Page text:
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Benchmarks are reference points, so why do so many see them as requirements?

More coverage of QAA subject benchmarks over the Christmas break prompted Richard Harrison to consider how the benchmarks are really used and perceived in universities.
This article is more than 1 year old

Richard Harrison is Deputy Secretary at the University of York, but is writing in a personal capacity

Ok, it was the quiet news period between Christmas and New Year, but who had money on subject benchmark statements hitting the national headlines again?

This time it was the Telegraph rather than the Daily Mail, but again it was the draft benchmark statement for maths that led to the flurry of controversy.

According to the Telegraph QAA “advises universities on course standards”, which is closer to reality than much of the earlier coverage about benchmarks. So the Telegraph article is slightly more nuanced than those from earlier in the year (I’m sure taking its prompt from the Vicki Stott’s and David Kernohan’s Wonkhe articles on what the status and standing of QAA benchmarks actually is).

Still, it did set me wondering about the continuing currency of the mythology about benchmarks. And what interested me wasn’t that the national press doesn’t understand the nuances of OfS regulation, institutional autonomy and QAA guidance. It was that the press is writing up the views of colleagues from within the sector about the benchmarks.

How benchmarks are really used

I completely agree with Vicki’s and David’s descriptions of what the benchmark statements are and aren’t, and how they should be used. And about the significant value of embedding inclusive education in the new generation of benchmark statements, which Ailsa Crum has highlighted on Wonkhe. I’ve also seen time and again constructive engagement with the benchmarks as part of programme design processes, to the benefit of programmes and their students.

But I don’t think the criticisms from colleagues in universities (seen in the articles linked to, and also in the comments on the articles linked above) are all being made in bad faith. So where do they come from?

Sometimes we underestimate the half-life of things within higher education. Of course subject benchmark statements are reference points to support effective programme design. That isn’t how they started life though. When they were being developed in the late 1990s they were being badged (to quote Paul Greatrix’s book on the First Quality War, Dangerous Medicine) as “broadly prescriptive”.

Of course QAA quickly (and rightly) moved away from this, clearly stating from around 2001 that benchmarks were reference points. However, some colleagues perhaps have long memories. Others don’t, but it’s still possible that the idea of benchmarks as requirements has become embedded in some institutional and/or departmental cultures. So while it seems a long time ago, there’s perhaps a bit of this still in play.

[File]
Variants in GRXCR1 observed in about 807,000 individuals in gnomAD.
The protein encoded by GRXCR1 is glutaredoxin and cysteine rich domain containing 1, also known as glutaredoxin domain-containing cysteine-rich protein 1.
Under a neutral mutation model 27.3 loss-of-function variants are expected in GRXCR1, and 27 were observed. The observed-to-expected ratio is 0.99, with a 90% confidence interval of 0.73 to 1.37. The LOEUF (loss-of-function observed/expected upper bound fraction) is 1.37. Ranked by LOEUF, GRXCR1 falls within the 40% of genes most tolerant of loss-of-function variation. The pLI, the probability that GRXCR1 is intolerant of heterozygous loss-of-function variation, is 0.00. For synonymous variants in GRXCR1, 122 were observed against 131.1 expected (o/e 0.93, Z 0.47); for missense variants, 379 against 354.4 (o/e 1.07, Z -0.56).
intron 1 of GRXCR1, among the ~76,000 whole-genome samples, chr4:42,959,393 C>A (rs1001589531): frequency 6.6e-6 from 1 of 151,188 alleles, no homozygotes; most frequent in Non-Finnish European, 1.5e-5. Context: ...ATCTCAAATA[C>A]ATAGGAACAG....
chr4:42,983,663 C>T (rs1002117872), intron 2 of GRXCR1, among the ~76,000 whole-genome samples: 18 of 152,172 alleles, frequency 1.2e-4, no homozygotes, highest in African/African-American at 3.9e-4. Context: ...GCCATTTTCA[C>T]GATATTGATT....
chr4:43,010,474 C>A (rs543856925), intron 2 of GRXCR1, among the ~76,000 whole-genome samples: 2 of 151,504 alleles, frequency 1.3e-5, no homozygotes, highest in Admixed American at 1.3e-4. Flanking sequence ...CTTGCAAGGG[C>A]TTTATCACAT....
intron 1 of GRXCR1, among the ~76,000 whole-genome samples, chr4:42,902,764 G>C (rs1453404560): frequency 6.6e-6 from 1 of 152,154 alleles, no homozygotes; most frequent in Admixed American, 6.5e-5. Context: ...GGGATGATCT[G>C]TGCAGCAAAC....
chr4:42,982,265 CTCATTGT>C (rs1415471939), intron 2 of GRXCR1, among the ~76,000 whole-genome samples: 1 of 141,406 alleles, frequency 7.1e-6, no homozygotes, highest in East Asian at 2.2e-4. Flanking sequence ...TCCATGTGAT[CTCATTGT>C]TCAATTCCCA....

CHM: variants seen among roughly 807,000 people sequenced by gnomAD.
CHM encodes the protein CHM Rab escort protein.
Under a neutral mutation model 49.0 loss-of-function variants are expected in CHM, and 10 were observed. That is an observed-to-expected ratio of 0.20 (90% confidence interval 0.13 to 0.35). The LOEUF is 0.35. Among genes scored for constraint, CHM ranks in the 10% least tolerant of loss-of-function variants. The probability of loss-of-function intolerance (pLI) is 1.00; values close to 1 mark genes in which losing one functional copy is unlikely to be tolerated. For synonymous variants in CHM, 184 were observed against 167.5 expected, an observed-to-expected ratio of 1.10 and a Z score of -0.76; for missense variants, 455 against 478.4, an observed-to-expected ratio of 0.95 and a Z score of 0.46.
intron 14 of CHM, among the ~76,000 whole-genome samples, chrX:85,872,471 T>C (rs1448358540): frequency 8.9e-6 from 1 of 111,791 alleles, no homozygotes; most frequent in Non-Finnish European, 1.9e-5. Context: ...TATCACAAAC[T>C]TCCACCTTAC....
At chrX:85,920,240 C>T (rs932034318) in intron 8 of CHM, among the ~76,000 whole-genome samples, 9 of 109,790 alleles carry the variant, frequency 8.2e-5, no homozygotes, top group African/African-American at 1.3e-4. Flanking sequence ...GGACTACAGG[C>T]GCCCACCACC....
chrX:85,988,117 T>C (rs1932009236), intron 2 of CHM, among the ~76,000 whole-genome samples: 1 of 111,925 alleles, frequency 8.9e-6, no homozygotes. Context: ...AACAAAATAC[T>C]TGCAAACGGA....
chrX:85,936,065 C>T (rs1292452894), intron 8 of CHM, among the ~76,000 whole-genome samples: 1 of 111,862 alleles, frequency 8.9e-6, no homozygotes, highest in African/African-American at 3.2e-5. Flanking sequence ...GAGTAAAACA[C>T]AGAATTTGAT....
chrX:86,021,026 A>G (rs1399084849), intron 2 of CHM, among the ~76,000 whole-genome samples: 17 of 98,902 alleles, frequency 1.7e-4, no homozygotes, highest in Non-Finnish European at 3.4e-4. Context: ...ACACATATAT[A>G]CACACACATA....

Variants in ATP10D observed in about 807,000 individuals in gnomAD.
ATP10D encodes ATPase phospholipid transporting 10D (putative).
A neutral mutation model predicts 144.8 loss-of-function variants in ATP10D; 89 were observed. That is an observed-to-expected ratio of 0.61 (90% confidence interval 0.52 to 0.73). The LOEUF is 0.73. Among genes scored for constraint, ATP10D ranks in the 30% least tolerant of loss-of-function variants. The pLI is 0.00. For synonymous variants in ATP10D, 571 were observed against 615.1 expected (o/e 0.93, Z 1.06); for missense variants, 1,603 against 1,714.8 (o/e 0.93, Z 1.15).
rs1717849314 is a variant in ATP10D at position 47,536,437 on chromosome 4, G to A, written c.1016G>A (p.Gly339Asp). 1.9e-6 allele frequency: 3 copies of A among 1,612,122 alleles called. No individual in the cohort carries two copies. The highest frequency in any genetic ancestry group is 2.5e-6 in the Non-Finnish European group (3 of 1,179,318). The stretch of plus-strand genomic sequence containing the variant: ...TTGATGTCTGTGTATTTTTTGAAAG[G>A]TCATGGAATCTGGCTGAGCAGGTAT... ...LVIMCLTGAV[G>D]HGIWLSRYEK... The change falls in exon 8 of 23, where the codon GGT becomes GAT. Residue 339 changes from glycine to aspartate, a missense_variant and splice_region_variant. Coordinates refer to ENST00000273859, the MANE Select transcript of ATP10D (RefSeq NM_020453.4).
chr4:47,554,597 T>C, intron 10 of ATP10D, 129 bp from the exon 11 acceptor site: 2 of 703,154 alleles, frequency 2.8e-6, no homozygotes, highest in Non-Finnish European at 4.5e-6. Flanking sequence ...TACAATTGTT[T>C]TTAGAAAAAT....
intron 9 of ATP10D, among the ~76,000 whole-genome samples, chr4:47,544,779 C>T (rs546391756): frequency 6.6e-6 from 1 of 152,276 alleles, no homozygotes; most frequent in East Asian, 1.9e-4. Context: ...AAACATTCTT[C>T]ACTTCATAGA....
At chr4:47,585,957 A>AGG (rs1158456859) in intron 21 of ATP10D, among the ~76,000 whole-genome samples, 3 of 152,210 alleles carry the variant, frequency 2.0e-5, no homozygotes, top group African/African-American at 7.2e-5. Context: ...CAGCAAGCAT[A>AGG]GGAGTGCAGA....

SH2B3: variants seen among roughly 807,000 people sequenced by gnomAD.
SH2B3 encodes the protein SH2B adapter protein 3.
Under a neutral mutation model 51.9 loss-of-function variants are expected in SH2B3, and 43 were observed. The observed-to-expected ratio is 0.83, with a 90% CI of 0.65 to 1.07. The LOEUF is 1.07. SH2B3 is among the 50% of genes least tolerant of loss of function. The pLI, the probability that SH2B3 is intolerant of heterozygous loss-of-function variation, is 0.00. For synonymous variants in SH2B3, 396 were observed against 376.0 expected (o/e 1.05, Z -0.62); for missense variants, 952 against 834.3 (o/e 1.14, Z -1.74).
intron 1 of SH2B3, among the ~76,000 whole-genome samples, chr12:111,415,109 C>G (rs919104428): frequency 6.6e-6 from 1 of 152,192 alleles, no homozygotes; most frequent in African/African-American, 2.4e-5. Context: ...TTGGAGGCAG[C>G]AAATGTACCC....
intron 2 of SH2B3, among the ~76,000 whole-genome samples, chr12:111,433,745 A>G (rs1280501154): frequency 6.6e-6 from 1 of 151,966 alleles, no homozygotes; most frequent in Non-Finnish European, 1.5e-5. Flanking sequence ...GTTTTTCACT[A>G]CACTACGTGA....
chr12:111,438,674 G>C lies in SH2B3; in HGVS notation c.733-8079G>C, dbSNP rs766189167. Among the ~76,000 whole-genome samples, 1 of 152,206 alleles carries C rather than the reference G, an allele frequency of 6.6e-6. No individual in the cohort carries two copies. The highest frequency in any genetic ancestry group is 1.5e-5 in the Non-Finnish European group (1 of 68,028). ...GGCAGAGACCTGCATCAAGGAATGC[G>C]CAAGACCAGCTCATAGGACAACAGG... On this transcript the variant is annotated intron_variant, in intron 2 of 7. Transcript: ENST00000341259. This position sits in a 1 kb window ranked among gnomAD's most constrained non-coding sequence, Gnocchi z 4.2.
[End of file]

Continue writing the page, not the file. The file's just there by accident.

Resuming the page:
And there’s also how universities have treated benchmarks. In the time I’ve worked in higher education I’ve not been aware of any universities that treated subject benchmarks as setting out requirements that must be complied with. But I have seen instances where the use of benchmarks in programme design has almost shaded into a “comply or explain why you don’t” approach. Of course some colleagues might interpret this as an implicit requirement to comply. More likely though is that academics under huge workload pressures see a comply or explain approach (or something they feel looks like this), and think that just complying is the most effective use of incredibly scarce time.

We also need to think about how subject benchmarks get used within academic departments. I’ve seen an instance where a head of department blatantly distorted the status of the benchmarks to try to impose an approach to programmes on a department, against legitimate questions and concerns from colleagues.

Political documents

This highlights something that we don’t always acknowledge enough. Whatever the formal status of benchmarks in practice they can be political documents, used in ways that were not intended. And this isn’t always the “bad” institution misbehaving towards academic departments and colleagues. I’ve seen two examples where departments have used subject benchmarks as a specious justification for curriculum overhauls, which in reality were primarily about freeing up time for staff research by reducing contact hours and student module choice.

Now, I know that this doesn’t reflect the reality of what subject benchmarks are intended to be, or what they are, in many institutions. And I agree with other writers that, if used properly, subject benchmarks are potentially even more valuable now to support meeting the new OfS B conditions. But it might suggest where at least some of the current criticism of benchmarks, from some colleagues in the sector, may be coming from.

And the misunderstandings might be more widespread than we think. In seven years delivering development sessions for new programme directors, I always emphasised the status (as well as the value) of benchmark statements as reference points not requirements. It frequently struck me many pairs of raised eyebrows were raised when I said this. All of which reinforces the importance of those of us supporting development, review and improvement of the programmes, continuing to emphasise what benchmarks are and what they aren’t and the value they can bring when properly used. I also wonder though if it sheds a little light on one of the more perplexing elements of the new OfS B conditions.

Many of us in the sector have been surprised at the strength of criticism from OfS towards the UK Quality Code and other established quality and standards reference points (the injunctions to abandon many aspects of established QA approaches have at times felt like a model of the parable of the scorpion and the frog). There were also scratched heads from many when OfS’s response to the consultation on the new B conditions included the claim that “providers should note that there are likely to be some parts of the Code which would lead to practices that we would consider non-compliant with our regulatory requirements”.